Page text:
A town in West Norfolk is now better equiped to deal with emergency situations thanks to the generosity of one of its residents.
Jane Kaminski, who was born and bred in Downham, offered to buy a defibrillator and have it installed on a property within the town, and so donated £2,020 for it.
A spokeswoman for the town council said they had suggested that the old fire station site in Priory Road would be appropriate as it is within a densely populated area of the town which has easy access.
She said: “The defibrillator has therefore been installed on this site with thanks to the trustees of Discover Downham whose organisation occupies the old fire station building.”
The town council, who will monitor the defibrillator, will arrange an open meeting for members of the public to understand in more detail how to operate it if called to help a person suffering from a heart attack.
There are already a number of defibrillators in the town but only one other that has public access on a 24/7 basis, which is located at the Castle Hotel and supported by the Downham Lions Club.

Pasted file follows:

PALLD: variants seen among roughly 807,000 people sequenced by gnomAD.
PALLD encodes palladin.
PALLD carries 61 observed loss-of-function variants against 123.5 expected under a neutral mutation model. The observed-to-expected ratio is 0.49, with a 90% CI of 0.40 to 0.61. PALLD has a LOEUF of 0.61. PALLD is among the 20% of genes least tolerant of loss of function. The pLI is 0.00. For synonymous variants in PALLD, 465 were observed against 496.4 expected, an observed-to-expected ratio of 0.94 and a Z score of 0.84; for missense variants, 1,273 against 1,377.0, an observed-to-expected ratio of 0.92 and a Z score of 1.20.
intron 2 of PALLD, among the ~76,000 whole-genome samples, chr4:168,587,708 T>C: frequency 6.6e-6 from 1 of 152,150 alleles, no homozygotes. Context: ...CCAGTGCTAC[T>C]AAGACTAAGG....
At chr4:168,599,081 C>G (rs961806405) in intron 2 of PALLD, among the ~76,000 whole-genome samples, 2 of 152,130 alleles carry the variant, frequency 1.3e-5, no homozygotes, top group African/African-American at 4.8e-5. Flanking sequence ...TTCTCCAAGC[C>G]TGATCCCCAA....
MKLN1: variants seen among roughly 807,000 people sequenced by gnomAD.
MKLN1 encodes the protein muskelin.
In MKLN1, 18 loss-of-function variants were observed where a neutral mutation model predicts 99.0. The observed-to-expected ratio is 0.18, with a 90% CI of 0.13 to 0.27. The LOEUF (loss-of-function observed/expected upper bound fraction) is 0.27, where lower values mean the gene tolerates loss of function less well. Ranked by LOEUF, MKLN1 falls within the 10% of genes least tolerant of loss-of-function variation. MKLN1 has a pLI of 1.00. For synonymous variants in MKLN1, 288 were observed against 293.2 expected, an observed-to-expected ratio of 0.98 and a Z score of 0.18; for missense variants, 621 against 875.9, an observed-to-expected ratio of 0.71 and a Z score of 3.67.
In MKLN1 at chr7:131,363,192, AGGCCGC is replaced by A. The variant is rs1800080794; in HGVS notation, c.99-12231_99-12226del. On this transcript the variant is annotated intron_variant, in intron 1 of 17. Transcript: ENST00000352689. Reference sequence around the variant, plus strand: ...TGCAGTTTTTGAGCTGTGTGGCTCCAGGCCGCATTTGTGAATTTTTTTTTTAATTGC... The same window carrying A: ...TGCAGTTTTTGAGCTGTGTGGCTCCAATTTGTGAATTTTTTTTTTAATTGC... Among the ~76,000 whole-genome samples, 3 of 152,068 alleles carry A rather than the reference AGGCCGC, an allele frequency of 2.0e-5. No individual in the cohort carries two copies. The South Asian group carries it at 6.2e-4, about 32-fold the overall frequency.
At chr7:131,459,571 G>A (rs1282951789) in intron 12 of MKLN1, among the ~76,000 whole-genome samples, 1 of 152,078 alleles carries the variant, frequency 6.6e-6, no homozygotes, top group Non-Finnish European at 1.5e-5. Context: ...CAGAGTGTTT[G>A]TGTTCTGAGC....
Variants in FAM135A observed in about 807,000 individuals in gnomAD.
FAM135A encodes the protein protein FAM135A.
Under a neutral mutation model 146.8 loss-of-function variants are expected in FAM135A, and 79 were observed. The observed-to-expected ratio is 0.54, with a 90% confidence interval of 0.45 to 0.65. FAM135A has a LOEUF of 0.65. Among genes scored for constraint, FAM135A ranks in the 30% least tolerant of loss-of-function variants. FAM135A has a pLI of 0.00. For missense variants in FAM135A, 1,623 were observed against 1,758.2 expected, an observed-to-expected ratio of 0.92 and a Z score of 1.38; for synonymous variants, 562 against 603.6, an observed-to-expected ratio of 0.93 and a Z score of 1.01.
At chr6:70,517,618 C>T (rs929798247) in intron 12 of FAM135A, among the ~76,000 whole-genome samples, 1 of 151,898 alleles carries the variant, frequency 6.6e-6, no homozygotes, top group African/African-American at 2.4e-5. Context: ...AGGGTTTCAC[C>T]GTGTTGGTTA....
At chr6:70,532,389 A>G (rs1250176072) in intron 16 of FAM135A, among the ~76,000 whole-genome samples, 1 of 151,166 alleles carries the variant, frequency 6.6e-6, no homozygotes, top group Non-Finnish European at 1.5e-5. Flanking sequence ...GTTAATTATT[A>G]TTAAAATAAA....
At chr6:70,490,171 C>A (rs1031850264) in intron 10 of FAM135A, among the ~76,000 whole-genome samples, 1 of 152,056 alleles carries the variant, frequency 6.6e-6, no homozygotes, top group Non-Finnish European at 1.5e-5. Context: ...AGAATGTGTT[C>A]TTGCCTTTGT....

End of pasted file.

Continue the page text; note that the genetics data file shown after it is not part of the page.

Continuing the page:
A defibrillator is a computerised medical device which delivers an electrical current though the chest to shock the heart back into a normal rhythym allowing it to pump again.
Being able to use the technology quickly can signifcantly improve the quality of life of a survivor, as the longer the brain is starved of oxygen, the more damage can occur – so this is an important asset to the town.
The device installed on Priory Road is an Automated External Defibrillator (AED) which is a portable defibrillator specifically designed for people with little or no medical background to use.
When in use, voice commands will guide the user step-by-step through the process and its intelligent technology will only allow it to shock a ‘shockable’ heart rhythm.
AED technology opens a window for the public to take on a key role to supporrt emergency services who could otherwise be hindered by the time it takes to reach the victim.
In the event of someone suffering a heart attack, the ambulance service should be contacted via 999 to explain the situation – they will then provide the relevant code to allow access to the defibrillator cabinet.
Pictured are Jane Kaminski, left, handing over the £2,020 cheque to Downham mayor Marion Ross, right, with councillor John Fox, second from left, holding the new defibrillator and Mike Pelling, trustee of Discover Downham Centre. MLNF17PM02058